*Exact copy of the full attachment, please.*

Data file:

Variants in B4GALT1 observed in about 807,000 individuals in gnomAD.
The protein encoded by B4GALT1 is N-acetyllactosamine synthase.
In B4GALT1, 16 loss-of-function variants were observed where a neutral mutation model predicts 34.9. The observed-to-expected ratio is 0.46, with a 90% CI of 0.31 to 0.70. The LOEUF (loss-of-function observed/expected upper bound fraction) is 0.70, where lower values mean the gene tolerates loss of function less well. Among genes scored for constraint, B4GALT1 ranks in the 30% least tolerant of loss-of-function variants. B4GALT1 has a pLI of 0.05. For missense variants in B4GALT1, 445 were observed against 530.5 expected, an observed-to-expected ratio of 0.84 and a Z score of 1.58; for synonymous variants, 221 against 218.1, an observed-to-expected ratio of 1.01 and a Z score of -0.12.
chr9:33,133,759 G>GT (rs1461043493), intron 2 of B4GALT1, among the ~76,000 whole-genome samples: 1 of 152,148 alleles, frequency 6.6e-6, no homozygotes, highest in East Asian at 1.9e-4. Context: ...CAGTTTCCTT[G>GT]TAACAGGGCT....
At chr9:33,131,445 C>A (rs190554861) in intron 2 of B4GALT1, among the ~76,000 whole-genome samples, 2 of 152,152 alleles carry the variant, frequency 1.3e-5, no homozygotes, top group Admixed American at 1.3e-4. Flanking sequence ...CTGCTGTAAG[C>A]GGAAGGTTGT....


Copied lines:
Variants in B4GALT1 observed in about 807,000 individuals in gnomAD.
The protein encoded by B4GALT1 is N-acetyllactosamine synthase.
In B4GALT1, 16 loss-of-function variants were observed where a neutral mutation model predicts 34.9. The observed-to-expected ratio is 0.46, with a 90% CI of 0.31 to 0.70. The LOEUF (loss-of-function observed/expected upper bound fraction) is 0.70, where lower values mean the gene tolerates loss of function less well. Among genes scored for constraint, B4GALT1 ranks in the 30% least tolerant of loss-of-function variants. B4GALT1 has a pLI of 0.05. For missense variants in B4GALT1, 445 were observed against 530.5 expected, an observed-to-expected ratio of 0.84 and a Z score of 1.58; for synonymous variants, 221 against 218.1, an observed-to-expected ratio of 1.01 and a Z score of -0.12.
chr9:33,133,759 G>GT (rs1461043493), intron 2 of B4GALT1, among the ~76,000 whole-genome samples: 1 of 152,148 alleles, frequency 6.6e-6, no homozygotes, highest in East Asian at 1.9e-4. Context: ...CAGTTTCCTT[G>GT]TAACAGGGCT....
At chr9:33,131,445 C>A (rs190554861) in intron 2 of B4GALT1, among the ~76,000 whole-genome samples, 2 of 152,152 alleles carry the variant, frequency 1.3e-5, no homozygotes, top group Admixed American at 1.3e-4. Flanking sequence ...CTGCTGTAAG[C>A]GGAAGGTTGT....